The hem of the skirts also started to rise in the 1920s. At first the hem only rose a few inches, but from 1925 to 1927 a flapper's skirt fell just below the knee.
The skirt comes just an inch below her knees, overlapping by a faint fraction her rolled and twisted stockings. The idea is that when she walks in a bit of a breeze, you shall now and then observe the knee (which is not rouged - that's just newspaper talk) but always in an accidental, Venus-surprised-at-the-bath sort of way.11
The Gibson Girl, who prided herself on her long, beautiful, lush hair, was shocked when the flapper cut her's off. The short haircut was called the "bob" which was later replaced by an even shorter haircut, the "shingle" or "Eton" cut. The shingle cut was slicked down and had a curl on each side of the face that covered the woman's ears. Flappers often finished the ensemble with a felt, bell-shaped hat called a cloche.
Flappers also started wearing make-up, something that had previously been only worn by loose women. Rouge, powder, eye-liner, and lipstick became extremely popular.
Beauty is the fashion in 1925. She is frankly, heavily made up, not to imitate nature, but for an altogether artificial effect - pallor mortis, poisonously scarlet lips, richly ringed eyes - the latter looking not so much debauched (which is the intention) as diabetic.12
Flapper AttitudeThe flapper attitude was characterized by stark truthfulness, fast living, and sexual behavior. Flappers seemed to cling to youth as if it were to leave them at any moment. They took risks and were reckless.
They wanted to be different, to announce their departure from the Gibson Girl's morals. So they smoked. Something only men had done previously. Their parents were shocked.
I was sure my girls had never experimented with a hip-pocket flask, flirted with other women's husbands, or smoked cigarettes. My wife entertained the same smug delusion, and was saying something like that out loud at the dinner table one day. And then she began to talk about other girls.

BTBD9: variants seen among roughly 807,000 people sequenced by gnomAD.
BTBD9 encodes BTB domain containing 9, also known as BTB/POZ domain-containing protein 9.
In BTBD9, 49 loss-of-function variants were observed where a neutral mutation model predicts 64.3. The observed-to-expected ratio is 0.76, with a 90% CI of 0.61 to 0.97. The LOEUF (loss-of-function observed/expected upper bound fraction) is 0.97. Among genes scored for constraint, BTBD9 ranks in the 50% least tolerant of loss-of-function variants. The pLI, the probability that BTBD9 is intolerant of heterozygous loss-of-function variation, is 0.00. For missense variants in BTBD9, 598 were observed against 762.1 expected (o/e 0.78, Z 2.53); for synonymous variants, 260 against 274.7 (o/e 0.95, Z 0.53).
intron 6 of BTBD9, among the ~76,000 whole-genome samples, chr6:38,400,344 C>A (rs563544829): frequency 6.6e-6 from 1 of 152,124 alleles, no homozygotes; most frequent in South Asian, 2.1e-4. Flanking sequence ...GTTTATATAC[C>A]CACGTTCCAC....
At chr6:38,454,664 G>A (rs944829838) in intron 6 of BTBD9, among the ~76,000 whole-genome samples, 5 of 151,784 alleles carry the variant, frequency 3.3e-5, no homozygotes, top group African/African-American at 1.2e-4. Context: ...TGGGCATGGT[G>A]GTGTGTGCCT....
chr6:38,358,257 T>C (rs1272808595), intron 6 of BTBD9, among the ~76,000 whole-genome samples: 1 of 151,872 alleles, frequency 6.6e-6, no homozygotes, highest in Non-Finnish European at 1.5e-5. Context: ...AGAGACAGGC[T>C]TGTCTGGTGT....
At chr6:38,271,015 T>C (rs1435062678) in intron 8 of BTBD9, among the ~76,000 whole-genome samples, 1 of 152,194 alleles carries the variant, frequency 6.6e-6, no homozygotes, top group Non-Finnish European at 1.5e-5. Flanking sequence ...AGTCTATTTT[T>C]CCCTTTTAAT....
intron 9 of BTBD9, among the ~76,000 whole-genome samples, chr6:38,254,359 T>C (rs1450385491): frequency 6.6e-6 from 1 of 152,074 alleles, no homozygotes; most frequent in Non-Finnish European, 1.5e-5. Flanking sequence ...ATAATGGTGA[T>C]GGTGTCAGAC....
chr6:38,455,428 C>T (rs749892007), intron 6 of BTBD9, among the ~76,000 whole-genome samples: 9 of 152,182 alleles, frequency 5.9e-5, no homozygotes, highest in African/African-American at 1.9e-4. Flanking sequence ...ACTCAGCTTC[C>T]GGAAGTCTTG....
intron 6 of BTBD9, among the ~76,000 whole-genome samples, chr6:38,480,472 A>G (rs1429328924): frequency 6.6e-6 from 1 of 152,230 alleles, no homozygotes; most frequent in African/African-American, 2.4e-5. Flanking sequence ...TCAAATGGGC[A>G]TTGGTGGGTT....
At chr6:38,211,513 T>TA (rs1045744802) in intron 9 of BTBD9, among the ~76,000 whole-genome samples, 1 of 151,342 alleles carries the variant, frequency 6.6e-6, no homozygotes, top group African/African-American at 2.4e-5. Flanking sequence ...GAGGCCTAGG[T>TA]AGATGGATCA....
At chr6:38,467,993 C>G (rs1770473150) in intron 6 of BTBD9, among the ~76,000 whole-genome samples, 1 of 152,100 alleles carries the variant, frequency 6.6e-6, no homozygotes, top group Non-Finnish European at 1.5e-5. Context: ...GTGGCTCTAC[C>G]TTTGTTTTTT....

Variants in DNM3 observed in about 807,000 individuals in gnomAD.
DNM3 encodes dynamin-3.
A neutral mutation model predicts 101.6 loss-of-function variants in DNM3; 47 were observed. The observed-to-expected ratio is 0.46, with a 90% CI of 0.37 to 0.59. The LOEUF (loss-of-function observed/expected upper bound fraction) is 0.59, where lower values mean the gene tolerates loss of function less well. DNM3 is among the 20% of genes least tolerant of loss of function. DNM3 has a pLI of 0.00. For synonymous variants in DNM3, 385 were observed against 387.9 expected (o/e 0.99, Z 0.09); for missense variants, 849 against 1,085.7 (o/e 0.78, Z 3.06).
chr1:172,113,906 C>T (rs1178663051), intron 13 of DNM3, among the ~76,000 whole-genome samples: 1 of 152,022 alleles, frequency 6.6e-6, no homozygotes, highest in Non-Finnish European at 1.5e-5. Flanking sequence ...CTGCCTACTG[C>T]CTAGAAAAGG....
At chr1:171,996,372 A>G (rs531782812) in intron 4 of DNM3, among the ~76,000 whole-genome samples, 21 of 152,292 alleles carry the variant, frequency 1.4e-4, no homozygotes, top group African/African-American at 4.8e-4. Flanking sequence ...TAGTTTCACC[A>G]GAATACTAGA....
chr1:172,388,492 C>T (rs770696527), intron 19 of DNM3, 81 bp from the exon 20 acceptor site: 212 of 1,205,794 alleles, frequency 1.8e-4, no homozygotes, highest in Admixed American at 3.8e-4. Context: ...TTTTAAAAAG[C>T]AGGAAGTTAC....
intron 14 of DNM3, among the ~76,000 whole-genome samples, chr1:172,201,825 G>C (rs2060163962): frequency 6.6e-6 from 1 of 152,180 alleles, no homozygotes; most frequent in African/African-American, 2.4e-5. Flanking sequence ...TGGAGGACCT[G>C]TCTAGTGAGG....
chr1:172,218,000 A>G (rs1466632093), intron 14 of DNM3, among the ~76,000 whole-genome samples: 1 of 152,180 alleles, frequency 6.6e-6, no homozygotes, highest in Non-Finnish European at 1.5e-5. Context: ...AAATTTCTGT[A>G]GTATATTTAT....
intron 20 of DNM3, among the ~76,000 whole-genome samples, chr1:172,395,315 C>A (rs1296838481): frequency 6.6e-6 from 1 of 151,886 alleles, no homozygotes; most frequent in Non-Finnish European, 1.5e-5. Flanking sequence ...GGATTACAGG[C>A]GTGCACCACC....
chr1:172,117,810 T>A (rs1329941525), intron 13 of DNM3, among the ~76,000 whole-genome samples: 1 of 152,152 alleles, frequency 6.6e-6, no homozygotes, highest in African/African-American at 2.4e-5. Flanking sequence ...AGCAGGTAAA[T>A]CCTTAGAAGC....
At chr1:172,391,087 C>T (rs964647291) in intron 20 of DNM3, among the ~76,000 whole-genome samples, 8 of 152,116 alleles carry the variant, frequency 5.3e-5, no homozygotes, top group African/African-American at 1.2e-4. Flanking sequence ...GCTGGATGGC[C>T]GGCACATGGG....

"They tell me that that Purvis girl has cigarette parties at her home," remarked my wife.
She was saying it for the benefit of Elizabeth, who runs somewhat with the Purvis girl. Elizabeth was regarding her mother with curious eyes. She made no reply to her mother, but turning to me, right there at the table, she said: "Dad, let's see your cigarettes."
Without the slightest suspicion of what was forthcoming, I threw Elizabeth my cigarettes. She withdrew a fag from the package, tapped it on the back of her left hand, inserted it between her lips, reached over and took my lighted cigarette from my mouth, lit her own cigarette and blew airy rings toward the ceiling.
My wife nearly fell out of her chair, and I might have fallen out of mine if I hadn't been momentarily stunned.13
Smoking wasn't the most outrageous of the flapper's rebellious actions. Flappers drank alcohol. At a time when the United States had outlawed alcohol (Prohibition), young women were starting the habit early. Some even carried hip-flasks full so as to have it on hand. More than a few adults didn't like to see tipsy young women. Flappers had a scandalous image as the "giddy flapper, rouged and clipped, careening in a drunken stupor to the lewd strains of a jazz quartet."14
The 1920s was the Jazz Age and one of the most popular past-times for flappers was dancing. Dances such as the Charleston, Black Bottom, and the Shimmy were considered "wild" by older generations. As described in the May 1920 edition of the Atlantic Monthly, flappers "trot like foxes, limp like lame ducks, one-step like cripples, and all to the barbaric yawp of strange instruments which transform the whole scene into a moving-picture of a fancy ball in bedlam."15 For the Younger Generation, the dances fit their fast-paced life-style.
For the first time since the train and the bicycle, a new form of faster transportation was becoming popular. Henry Ford's innovations were making the automobile an accessible commodity to the people. Cars were fast and risky - perfect for the flapper attitude. Flappers not only insisted on riding in them; they drove them.
Unfortunately for their parents, flappers didn't just use cars to ride in. The back seat became a popular location for the new popular sexual activity, petting. Others hosted petting parties. Though their attire was modeled after little boys' outfits, flappers flaunted their sexuality. It was a radical change from their parents and grandparents' generations.